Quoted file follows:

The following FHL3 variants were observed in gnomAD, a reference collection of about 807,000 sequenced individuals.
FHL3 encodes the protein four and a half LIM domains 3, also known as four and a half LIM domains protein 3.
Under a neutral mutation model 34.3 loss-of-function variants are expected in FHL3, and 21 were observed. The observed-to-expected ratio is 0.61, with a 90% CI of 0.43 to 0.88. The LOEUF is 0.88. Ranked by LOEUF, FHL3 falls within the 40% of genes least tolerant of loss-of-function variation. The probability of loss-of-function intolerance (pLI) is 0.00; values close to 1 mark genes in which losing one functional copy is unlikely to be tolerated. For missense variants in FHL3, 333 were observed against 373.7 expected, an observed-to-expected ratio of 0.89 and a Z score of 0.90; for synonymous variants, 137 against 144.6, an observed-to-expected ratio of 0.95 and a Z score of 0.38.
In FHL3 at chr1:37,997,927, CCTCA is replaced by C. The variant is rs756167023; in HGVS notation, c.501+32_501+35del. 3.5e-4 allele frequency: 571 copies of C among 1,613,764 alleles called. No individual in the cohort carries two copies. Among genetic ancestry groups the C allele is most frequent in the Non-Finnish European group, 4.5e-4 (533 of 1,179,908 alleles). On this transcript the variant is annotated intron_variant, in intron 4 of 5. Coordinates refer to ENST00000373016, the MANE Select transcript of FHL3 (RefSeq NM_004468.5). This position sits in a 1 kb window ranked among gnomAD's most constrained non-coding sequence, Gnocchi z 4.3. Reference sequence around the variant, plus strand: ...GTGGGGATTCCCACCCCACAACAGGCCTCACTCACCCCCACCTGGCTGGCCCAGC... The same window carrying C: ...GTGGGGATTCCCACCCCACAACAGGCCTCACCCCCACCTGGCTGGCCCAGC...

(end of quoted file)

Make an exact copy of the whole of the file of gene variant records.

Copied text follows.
The following FHL3 variants were observed in gnomAD, a reference collection of about 807,000 sequenced individuals.
FHL3 encodes the protein four and a half LIM domains 3, also known as four and a half LIM domains protein 3.
Under a neutral mutation model 34.3 loss-of-function variants are expected in FHL3, and 21 were observed. The observed-to-expected ratio is 0.61, with a 90% CI of 0.43 to 0.88. The LOEUF is 0.88. Ranked by LOEUF, FHL3 falls within the 40% of genes least tolerant of loss-of-function variation. The probability of loss-of-function intolerance (pLI) is 0.00; values close to 1 mark genes in which losing one functional copy is unlikely to be tolerated. For missense variants in FHL3, 333 were observed against 373.7 expected, an observed-to-expected ratio of 0.89 and a Z score of 0.90; for synonymous variants, 137 against 144.6, an observed-to-expected ratio of 0.95 and a Z score of 0.38.
In FHL3 at chr1:37,997,927, CCTCA is replaced by C. The variant is rs756167023; in HGVS notation, c.501+32_501+35del. 3.5e-4 allele frequency: 571 copies of C among 1,613,764 alleles called. No individual in the cohort carries two copies. Among genetic ancestry groups the C allele is most frequent in the Non-Finnish European group, 4.5e-4 (533 of 1,179,908 alleles). On this transcript the variant is annotated intron_variant, in intron 4 of 5. Coordinates refer to ENST00000373016, the MANE Select transcript of FHL3 (RefSeq NM_004468.5). This position sits in a 1 kb window ranked among gnomAD's most constrained non-coding sequence, Gnocchi z 4.3. Reference sequence around the variant, plus strand: ...GTGGGGATTCCCACCCCACAACAGGCCTCACTCACCCCCACCTGGCTGGCCCAGC... The same window carrying C: ...GTGGGGATTCCCACCCCACAACAGGCCTCACCCCCACCTGGCTGGCCCAGC...